Apr 1, 2011
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Mothercare warns on profit as mums count pennies

Apr 1, 2011

Mar 31 - Mother and baby products firm Mothercare joined the ranks of store groups warning on the trading outlook as cash-strapped Britons start scrimping on spending for their children.


Historically consumers have been reluctant to reduce spending on their offspring even when they are cutting back in other areas. But as they grapple with the government's fiscal squeeze habits are changing.

Britons have been economising on food, traditionally the most resilient area of spending, and Thomas Cook, Europe's No. 2 travel company, said Tuesday they also were cutting back on foreign holidays.

Shares in Mothercare, which trades from 373 stores in the UK, were down 8.6 percent at 0909 GMT after the firm warned it expected profit from its UK retail operations to remain under "significant pressure" in 2011/12.

Prior to Thursday its shares had lost over a quarter of their value in the last three months.

The group, which issued a profit alert in January, said it expected continuing weak demand after sales at UK stores open over a year fell 2.4 percent in the 12 weeks to March 26, its fiscal fourth quarter.

Mothercare also forecast gross margin for the 2010-11 year would be down 2.5 percent, 0.5 percent lower than previous guidance, reflecting price cuts to clear autumn/winter stocks.

It will target cost savings to offset input cost pressures on gross margin and look for benefits from its property strategy in addition to the 10 million pounds ($16.06 million) already identified.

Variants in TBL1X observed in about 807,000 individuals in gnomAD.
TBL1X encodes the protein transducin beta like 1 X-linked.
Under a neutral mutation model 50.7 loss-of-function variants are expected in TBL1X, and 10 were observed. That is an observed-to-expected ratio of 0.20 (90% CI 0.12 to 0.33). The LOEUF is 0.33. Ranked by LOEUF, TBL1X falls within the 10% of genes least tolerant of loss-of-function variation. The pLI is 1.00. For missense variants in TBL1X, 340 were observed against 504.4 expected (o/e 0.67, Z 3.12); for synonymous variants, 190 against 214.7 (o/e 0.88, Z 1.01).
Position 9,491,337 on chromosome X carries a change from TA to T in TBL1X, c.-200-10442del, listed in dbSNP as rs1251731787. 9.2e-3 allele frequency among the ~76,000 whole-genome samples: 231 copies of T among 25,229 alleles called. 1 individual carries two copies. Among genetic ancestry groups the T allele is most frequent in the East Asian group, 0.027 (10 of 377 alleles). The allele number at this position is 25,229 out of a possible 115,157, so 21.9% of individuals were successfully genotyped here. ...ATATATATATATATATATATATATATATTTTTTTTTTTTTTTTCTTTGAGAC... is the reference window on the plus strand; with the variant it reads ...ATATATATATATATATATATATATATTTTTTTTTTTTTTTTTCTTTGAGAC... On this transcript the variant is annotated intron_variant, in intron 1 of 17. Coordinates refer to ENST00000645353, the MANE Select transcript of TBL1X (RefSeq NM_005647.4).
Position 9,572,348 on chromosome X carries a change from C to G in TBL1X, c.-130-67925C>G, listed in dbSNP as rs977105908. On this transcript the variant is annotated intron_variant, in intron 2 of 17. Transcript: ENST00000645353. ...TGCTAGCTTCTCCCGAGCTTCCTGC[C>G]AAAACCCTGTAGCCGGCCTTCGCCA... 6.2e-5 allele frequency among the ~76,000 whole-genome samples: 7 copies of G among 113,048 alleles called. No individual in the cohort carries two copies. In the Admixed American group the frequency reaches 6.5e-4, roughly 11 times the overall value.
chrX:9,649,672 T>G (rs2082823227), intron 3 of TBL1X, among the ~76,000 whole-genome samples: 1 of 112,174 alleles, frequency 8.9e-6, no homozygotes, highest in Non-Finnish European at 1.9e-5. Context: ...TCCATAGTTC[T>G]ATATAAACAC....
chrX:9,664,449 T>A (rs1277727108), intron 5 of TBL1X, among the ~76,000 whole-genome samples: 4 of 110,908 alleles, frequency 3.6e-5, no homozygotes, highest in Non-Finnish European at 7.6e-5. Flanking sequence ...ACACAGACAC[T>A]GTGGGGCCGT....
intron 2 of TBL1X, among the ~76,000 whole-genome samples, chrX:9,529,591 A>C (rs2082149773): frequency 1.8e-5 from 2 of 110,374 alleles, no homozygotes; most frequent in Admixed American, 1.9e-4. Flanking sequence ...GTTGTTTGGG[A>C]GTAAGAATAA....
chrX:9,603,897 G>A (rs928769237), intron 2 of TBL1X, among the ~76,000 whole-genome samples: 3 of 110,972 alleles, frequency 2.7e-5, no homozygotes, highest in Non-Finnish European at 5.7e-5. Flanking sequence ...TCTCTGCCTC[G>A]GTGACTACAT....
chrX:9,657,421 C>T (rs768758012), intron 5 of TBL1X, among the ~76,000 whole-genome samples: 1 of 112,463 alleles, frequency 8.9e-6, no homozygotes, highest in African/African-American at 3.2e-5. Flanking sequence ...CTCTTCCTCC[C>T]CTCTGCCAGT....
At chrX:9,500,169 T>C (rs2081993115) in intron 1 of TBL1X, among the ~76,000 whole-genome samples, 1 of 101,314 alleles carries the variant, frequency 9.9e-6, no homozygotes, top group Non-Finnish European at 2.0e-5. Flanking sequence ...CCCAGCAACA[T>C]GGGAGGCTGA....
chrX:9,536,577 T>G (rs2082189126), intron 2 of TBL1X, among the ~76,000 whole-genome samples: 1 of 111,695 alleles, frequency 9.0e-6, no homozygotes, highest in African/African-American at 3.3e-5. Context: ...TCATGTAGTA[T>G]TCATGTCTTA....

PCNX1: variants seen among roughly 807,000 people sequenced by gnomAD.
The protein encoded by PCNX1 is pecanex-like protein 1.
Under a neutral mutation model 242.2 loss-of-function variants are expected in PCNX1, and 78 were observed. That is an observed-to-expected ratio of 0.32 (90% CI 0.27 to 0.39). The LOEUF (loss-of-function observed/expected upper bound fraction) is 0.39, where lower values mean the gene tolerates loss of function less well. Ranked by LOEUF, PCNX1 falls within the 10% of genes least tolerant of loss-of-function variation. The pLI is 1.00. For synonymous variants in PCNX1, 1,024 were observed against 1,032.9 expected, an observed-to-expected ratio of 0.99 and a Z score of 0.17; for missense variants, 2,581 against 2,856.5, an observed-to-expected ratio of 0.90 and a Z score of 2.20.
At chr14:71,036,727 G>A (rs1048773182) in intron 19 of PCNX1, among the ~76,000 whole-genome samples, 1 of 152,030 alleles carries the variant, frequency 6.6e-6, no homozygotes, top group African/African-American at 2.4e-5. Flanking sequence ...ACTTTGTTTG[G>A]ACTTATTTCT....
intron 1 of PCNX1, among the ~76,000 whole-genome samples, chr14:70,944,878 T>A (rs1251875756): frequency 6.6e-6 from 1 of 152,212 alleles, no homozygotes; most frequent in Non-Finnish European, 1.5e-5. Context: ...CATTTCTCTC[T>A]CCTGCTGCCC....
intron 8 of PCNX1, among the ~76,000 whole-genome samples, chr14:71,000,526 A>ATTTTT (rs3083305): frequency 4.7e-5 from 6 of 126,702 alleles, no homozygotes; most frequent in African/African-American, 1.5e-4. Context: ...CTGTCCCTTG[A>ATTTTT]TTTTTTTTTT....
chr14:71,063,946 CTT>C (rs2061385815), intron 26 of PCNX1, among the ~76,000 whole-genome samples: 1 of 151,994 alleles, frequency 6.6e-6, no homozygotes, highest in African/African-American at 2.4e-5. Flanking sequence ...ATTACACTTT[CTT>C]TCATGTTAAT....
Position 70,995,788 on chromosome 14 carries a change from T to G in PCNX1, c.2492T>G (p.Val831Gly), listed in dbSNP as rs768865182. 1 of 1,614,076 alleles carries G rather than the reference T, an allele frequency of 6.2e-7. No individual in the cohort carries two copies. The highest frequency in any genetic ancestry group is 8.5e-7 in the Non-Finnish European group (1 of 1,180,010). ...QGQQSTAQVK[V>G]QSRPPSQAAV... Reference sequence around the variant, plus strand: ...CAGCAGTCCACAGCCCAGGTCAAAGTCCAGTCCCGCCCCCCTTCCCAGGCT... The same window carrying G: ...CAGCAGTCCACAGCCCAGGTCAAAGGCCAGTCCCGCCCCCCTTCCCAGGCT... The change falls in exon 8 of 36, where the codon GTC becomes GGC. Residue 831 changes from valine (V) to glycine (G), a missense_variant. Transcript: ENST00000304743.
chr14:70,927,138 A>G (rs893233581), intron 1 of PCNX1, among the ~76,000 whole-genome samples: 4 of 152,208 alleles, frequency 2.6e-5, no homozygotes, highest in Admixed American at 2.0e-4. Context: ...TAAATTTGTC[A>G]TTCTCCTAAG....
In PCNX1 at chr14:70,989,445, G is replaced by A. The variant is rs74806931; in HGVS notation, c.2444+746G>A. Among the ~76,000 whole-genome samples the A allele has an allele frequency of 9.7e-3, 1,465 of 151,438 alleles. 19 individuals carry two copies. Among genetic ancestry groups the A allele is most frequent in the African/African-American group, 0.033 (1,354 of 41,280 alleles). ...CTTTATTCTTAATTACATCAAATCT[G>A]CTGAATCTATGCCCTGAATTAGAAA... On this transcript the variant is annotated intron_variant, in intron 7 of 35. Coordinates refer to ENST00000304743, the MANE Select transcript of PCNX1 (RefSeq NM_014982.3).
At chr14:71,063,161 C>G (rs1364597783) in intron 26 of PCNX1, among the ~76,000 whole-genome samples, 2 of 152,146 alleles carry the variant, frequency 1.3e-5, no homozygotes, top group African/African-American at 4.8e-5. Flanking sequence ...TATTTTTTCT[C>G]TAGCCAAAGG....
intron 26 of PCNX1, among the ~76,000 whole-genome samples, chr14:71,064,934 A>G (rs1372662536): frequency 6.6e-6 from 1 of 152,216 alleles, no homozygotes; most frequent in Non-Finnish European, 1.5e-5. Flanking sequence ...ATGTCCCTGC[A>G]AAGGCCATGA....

"Currently in the UK we have very poor consumer demand... Footfall is much lower and as a result competition is more aggressive," chief executive Ben Gordon told reporters.

"We expect consensus (pretax profit) forecasts for 2010-2011 to be cut again, probably below 30 million pounds, and with only a small uplift likely in 2011-12," said analysts at Investec.

Consumers look increasingly unwilling to spend as muted earnings growth and higher inflation, fuelled by January's rise in VAT (sales tax) and higher oil and food prices, bite into real incomes.

They are also worried about job losses and welfare reductions related to government spending cuts, as well as the prospect of higher interest rates.

Dixons, Britain's No. 1 electricals retailer, and Home Retail, have both issued profit warnings this month.

Separately Thursday a survey said British consumer confidence stagnated in March.
Mothercare's UK woes overshadowed continued strong growth overseas, where franchisee retail sales increased 10.0 percent in the fourth quarter.

The firm said it expected the 894-store international division to continue its rapid growth with at least 150 new stores opening in 2011-12.

By James Davey
(Editing by Mark Potter and Mike Nesbit)

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